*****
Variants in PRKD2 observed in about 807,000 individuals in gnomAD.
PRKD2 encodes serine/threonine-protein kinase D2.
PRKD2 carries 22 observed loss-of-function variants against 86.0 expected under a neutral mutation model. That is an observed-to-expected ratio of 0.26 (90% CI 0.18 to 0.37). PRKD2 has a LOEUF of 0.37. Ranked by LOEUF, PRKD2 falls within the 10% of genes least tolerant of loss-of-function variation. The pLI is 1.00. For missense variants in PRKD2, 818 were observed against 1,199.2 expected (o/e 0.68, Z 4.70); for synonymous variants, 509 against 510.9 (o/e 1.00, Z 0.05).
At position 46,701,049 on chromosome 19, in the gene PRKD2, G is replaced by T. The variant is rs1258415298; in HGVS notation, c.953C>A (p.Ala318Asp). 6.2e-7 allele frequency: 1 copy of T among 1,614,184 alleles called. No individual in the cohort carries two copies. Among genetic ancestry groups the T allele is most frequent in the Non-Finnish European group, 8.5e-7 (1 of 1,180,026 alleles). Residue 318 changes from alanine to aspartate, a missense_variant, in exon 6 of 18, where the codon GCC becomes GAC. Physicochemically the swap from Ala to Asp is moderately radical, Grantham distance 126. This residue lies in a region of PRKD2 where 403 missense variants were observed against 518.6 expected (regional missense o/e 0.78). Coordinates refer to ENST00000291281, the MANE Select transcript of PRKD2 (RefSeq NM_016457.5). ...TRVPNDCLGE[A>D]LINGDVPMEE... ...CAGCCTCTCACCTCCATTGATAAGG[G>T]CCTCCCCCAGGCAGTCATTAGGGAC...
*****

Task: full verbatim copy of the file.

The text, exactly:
Variants in PRKD2 observed in about 807,000 individuals in gnomAD.
PRKD2 encodes serine/threonine-protein kinase D2.
PRKD2 carries 22 observed loss-of-function variants against 86.0 expected under a neutral mutation model. That is an observed-to-expected ratio of 0.26 (90% CI 0.18 to 0.37). PRKD2 has a LOEUF of 0.37. Ranked by LOEUF, PRKD2 falls within the 10% of genes least tolerant of loss-of-function variation. The pLI is 1.00. For missense variants in PRKD2, 818 were observed against 1,199.2 expected (o/e 0.68, Z 4.70); for synonymous variants, 509 against 510.9 (o/e 1.00, Z 0.05).
At position 46,701,049 on chromosome 19, in the gene PRKD2, G is replaced by T. The variant is rs1258415298; in HGVS notation, c.953C>A (p.Ala318Asp). 6.2e-7 allele frequency: 1 copy of T among 1,614,184 alleles called. No individual in the cohort carries two copies. Among genetic ancestry groups the T allele is most frequent in the Non-Finnish European group, 8.5e-7 (1 of 1,180,026 alleles). Residue 318 changes from alanine to aspartate, a missense_variant, in exon 6 of 18, where the codon GCC becomes GAC. Physicochemically the swap from Ala to Asp is moderately radical, Grantham distance 126. This residue lies in a region of PRKD2 where 403 missense variants were observed against 518.6 expected (regional missense o/e 0.78). Coordinates refer to ENST00000291281, the MANE Select transcript of PRKD2 (RefSeq NM_016457.5). ...TRVPNDCLGE[A>D]LINGDVPMEE... ...CAGCCTCTCACCTCCATTGATAAGG[G>T]CCTCCCCCAGGCAGTCATTAGGGAC...